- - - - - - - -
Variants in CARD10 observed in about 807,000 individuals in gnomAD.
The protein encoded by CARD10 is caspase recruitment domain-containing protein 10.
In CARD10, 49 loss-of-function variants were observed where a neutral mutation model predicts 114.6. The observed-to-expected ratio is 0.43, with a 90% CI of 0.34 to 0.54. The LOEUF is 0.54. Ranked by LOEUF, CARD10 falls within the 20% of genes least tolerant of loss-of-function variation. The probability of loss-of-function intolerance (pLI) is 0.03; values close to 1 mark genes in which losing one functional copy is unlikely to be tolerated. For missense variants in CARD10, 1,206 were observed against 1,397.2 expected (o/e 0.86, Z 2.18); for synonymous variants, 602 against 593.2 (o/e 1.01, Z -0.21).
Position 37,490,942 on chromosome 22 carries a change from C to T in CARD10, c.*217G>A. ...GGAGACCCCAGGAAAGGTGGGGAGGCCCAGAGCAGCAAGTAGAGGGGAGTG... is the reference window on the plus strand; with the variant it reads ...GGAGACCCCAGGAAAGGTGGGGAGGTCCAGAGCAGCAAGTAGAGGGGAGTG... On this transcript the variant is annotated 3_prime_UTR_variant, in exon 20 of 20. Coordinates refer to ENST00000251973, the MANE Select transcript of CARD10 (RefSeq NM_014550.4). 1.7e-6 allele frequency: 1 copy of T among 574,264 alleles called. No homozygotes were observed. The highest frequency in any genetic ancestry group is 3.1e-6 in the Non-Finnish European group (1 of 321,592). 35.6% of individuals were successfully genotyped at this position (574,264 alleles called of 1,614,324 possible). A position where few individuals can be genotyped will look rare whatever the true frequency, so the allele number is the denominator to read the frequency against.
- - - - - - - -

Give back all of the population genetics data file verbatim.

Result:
Variants in CARD10 observed in about 807,000 individuals in gnomAD.
The protein encoded by CARD10 is caspase recruitment domain-containing protein 10.
In CARD10, 49 loss-of-function variants were observed where a neutral mutation model predicts 114.6. The observed-to-expected ratio is 0.43, with a 90% CI of 0.34 to 0.54. The LOEUF is 0.54. Ranked by LOEUF, CARD10 falls within the 20% of genes least tolerant of loss-of-function variation. The probability of loss-of-function intolerance (pLI) is 0.03; values close to 1 mark genes in which losing one functional copy is unlikely to be tolerated. For missense variants in CARD10, 1,206 were observed against 1,397.2 expected (o/e 0.86, Z 2.18); for synonymous variants, 602 against 593.2 (o/e 1.01, Z -0.21).
Position 37,490,942 on chromosome 22 carries a change from C to T in CARD10, c.*217G>A. ...GGAGACCCCAGGAAAGGTGGGGAGGCCCAGAGCAGCAAGTAGAGGGGAGTG... is the reference window on the plus strand; with the variant it reads ...GGAGACCCCAGGAAAGGTGGGGAGGTCCAGAGCAGCAAGTAGAGGGGAGTG... On this transcript the variant is annotated 3_prime_UTR_variant, in exon 20 of 20. Coordinates refer to ENST00000251973, the MANE Select transcript of CARD10 (RefSeq NM_014550.4). 1.7e-6 allele frequency: 1 copy of T among 574,264 alleles called. No homozygotes were observed. The highest frequency in any genetic ancestry group is 3.1e-6 in the Non-Finnish European group (1 of 321,592). 35.6% of individuals were successfully genotyped at this position (574,264 alleles called of 1,614,324 possible). A position where few individuals can be genotyped will look rare whatever the true frequency, so the allele number is the denominator to read the frequency against.